But and if
But But (b[u^]t), prep., adv. & conj. [OE. bute, buten, AS. b[=u]tan, without, on the outside, except, besides; pref. be- + [=u]tan outward, without, fr. [=u]t out. Primarily, b[=u]tan, as well as [=u]t, is an adverb. [root]198. See {By}, {Out}; cf. {About}.] 1. Except with; unless with; without. [Obs.] [1913 Webster]

So insolent that he could not go but either spurning equals or trampling on his inferiors. --Fuller. [1913 Webster]

Touch not the cat but a glove. --Motto of the Mackintoshes. [1913 Webster]

2. Except; besides; save. [1913 Webster]

Who can it be, ye gods! but perjured Lycon? --E. Smith. [1913 Webster]

Note: In this sense, but is often used with other particles; as, but for, without, had it not been for. ``Uncreated but for love divine.'' --Young. [1913 Webster]

3. Excepting or excluding the fact that; save that; were it not that; unless; -- elliptical, for but that. [1913 Webster]

And but my noble Moor is true of mind . . . it were enough to put him to ill thinking. --Shak. [1913 Webster]

4. Otherwise than that; that not; -- commonly, after a negative, with that. [1913 Webster]

It cannot be but nature hath some director, of infinite power, to guide her in all her ways. --Hooker. [1913 Webster]

There is no question but the king of Spain will reform most of the abuses. --Addison. [1913 Webster]

5. Only; solely; merely. [1913 Webster]

Observe but how their own principles combat one another. --Milton. [1913 Webster]

If they kill us, we shall but die. --2 Kings vii. 4. [1913 Webster]

A formidable man but to his friends. --Dryden. [1913 Webster]

6. On the contrary; on the other hand; only; yet; still; however; nevertheless; more; further; -- as connective of sentences or clauses of a sentence, in a sense more or less exceptive or adversative; as, the House of Representatives passed the bill, but the Senate dissented; our wants are many, but quite of another kind. [1913 Webster]

Now abideth faith hope, charity, these three; but the greatest of these is charity. --1 Cor. xiii. 13. [1913 Webster]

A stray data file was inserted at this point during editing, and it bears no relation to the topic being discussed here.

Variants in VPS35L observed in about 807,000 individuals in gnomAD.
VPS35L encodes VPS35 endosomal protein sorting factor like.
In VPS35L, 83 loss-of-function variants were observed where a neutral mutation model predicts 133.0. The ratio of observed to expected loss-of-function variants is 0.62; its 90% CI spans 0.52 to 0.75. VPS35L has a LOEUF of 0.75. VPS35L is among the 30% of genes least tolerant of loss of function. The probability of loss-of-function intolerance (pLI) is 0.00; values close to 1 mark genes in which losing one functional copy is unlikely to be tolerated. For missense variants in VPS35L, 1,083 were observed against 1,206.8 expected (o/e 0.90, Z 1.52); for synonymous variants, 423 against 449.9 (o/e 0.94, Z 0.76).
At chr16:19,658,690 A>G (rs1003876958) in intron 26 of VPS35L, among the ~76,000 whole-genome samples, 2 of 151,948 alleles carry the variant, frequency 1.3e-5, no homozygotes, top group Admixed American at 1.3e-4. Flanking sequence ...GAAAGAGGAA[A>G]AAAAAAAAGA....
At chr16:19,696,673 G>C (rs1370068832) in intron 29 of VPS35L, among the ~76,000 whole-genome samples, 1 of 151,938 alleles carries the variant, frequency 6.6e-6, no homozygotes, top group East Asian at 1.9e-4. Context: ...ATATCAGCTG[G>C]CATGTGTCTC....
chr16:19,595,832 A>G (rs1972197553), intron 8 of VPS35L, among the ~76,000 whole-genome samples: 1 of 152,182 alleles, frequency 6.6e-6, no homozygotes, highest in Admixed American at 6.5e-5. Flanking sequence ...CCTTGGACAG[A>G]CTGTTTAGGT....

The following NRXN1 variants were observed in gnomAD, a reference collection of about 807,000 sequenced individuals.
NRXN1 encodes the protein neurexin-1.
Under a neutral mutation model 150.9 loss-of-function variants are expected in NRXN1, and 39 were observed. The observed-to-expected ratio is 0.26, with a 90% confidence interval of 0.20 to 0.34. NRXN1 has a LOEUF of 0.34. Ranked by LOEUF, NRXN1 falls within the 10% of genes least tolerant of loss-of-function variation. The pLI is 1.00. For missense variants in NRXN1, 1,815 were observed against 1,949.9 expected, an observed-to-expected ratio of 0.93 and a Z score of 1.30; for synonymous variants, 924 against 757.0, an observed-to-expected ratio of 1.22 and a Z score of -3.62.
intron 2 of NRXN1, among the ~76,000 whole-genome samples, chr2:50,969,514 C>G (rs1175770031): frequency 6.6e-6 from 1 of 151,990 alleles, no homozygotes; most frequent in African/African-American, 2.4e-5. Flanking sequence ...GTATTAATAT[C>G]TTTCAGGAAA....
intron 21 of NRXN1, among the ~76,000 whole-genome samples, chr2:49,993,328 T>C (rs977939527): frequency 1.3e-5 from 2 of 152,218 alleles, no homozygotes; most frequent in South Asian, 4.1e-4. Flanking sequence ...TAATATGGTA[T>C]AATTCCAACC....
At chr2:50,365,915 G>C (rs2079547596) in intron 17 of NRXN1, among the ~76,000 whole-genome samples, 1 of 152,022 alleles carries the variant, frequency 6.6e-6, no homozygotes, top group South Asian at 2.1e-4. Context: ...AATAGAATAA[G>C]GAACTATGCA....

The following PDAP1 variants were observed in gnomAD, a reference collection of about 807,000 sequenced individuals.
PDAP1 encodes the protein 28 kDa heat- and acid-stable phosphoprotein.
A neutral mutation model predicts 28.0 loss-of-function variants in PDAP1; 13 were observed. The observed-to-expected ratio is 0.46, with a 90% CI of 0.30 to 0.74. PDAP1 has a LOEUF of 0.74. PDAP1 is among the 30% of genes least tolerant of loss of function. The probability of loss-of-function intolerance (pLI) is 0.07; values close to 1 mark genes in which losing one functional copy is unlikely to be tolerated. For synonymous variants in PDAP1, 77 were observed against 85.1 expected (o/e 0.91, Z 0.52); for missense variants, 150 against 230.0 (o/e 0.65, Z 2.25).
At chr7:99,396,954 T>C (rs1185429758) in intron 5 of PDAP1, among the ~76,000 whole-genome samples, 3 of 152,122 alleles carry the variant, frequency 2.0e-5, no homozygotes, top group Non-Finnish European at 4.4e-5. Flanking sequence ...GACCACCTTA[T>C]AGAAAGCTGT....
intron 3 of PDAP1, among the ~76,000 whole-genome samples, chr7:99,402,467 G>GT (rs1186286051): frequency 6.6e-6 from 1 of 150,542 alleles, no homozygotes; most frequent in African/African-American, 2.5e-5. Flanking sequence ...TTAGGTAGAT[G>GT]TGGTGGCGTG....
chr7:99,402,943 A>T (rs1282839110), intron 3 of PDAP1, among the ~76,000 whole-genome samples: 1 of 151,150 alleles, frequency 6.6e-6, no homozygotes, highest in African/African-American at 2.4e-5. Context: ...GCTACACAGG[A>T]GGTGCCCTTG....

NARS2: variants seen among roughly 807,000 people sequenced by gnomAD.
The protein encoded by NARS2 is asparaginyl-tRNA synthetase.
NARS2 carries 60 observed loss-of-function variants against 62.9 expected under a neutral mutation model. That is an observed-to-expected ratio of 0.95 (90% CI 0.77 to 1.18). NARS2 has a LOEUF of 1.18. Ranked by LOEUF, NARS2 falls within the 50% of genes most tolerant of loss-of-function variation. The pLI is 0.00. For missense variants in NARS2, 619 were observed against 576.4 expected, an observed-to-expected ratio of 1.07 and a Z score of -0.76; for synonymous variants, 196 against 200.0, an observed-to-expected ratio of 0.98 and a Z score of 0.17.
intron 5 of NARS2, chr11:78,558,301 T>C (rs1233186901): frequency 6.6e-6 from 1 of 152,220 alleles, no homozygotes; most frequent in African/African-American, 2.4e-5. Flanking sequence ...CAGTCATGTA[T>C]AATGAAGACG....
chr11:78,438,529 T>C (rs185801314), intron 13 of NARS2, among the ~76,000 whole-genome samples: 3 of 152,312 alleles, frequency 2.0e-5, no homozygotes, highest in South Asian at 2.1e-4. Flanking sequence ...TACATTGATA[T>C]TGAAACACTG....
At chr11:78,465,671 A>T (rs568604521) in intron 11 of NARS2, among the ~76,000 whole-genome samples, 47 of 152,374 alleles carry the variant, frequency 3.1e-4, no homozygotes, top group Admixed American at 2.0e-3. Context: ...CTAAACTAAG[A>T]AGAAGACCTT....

When pride cometh, then cometh shame; but with the lowly is wisdom. --Prov. xi. 2. [1913 Webster]

{All but}. See under {All}.

{But and if}, but if; an attempt on the part of King James's translators of the Bible to express the conjunctive and adversative force of the Greek ?. [1913 Webster]

But and if that servant say in his heart, My lord delayeth his coming; . . . the lord of that servant will come in a day when he looketh not for him. --Luke xii. 45, 46. [1913 Webster]

{But if}, unless. [Obs.] --Chaucer. [1913 Webster]

But this I read, that but if remedy Thou her afford, full shortly I her dead shall see. --Spenser. [1913 Webster]

Syn: {But}, {However}, {Still}.

Usage: These conjunctions mark opposition in passing from one thought or topic to another. But marks the opposition with a medium degree of strength; as, this is not winter, but it is almost as cold; he requested my assistance, but I shall not aid him at present. However is weaker, and throws the opposition (as it were) into the background; as, this is not winter; it is, however, almost as cold; he required my assistance; at present, however, I shall not afford him aid. The plan, however, is still under consideration, and may yet be adopted. Still is stronger than but, and marks the opposition more emphatically; as, your arguments are weighty; still they do not convince me. See {Except}, {However}. [1913 Webster]

Note: ``The chief error with but is to use it where and is enough; an error springing from the tendency to use strong words without sufficient occasion.'' --Bain. [1913 Webster]


The Collaborative International Dictionary of English. 2000.

Look at other dictionaries:

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